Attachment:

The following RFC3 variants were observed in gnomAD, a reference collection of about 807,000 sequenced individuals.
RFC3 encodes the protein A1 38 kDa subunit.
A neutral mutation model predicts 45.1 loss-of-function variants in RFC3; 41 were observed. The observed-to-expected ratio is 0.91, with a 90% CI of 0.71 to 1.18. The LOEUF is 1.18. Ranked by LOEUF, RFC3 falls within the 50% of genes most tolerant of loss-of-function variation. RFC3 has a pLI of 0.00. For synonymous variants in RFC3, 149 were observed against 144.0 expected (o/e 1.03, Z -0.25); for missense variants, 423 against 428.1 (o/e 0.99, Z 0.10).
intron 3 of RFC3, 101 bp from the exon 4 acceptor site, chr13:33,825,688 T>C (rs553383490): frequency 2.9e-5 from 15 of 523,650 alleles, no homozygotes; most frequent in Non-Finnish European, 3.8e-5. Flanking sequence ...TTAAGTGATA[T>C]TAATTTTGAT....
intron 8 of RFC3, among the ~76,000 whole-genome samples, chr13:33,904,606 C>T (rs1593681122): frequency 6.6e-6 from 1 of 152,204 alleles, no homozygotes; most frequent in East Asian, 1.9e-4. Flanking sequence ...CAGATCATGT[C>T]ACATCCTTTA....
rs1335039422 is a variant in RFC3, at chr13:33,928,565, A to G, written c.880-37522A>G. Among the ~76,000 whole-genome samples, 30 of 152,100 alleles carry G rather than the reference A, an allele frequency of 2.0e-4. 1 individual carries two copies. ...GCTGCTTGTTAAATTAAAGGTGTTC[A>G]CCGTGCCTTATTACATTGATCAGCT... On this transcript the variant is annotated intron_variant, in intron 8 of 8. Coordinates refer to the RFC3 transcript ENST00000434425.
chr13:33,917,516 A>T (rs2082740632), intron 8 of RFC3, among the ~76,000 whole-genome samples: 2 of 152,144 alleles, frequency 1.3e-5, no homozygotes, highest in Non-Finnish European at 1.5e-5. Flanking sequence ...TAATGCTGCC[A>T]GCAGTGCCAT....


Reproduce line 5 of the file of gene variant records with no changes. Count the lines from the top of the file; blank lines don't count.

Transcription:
intron 8 of RFC3, among the ~76,000 whole-genome samples, chr13:33,904,606 C>T (rs1593681122): frequency 6.6e-6 from 1 of 152,204 alleles, no homozygotes; most frequent in East Asian, 1.9e-4. Flanking sequence ...CAGATCATGT[C>T]ACATCCTTTA....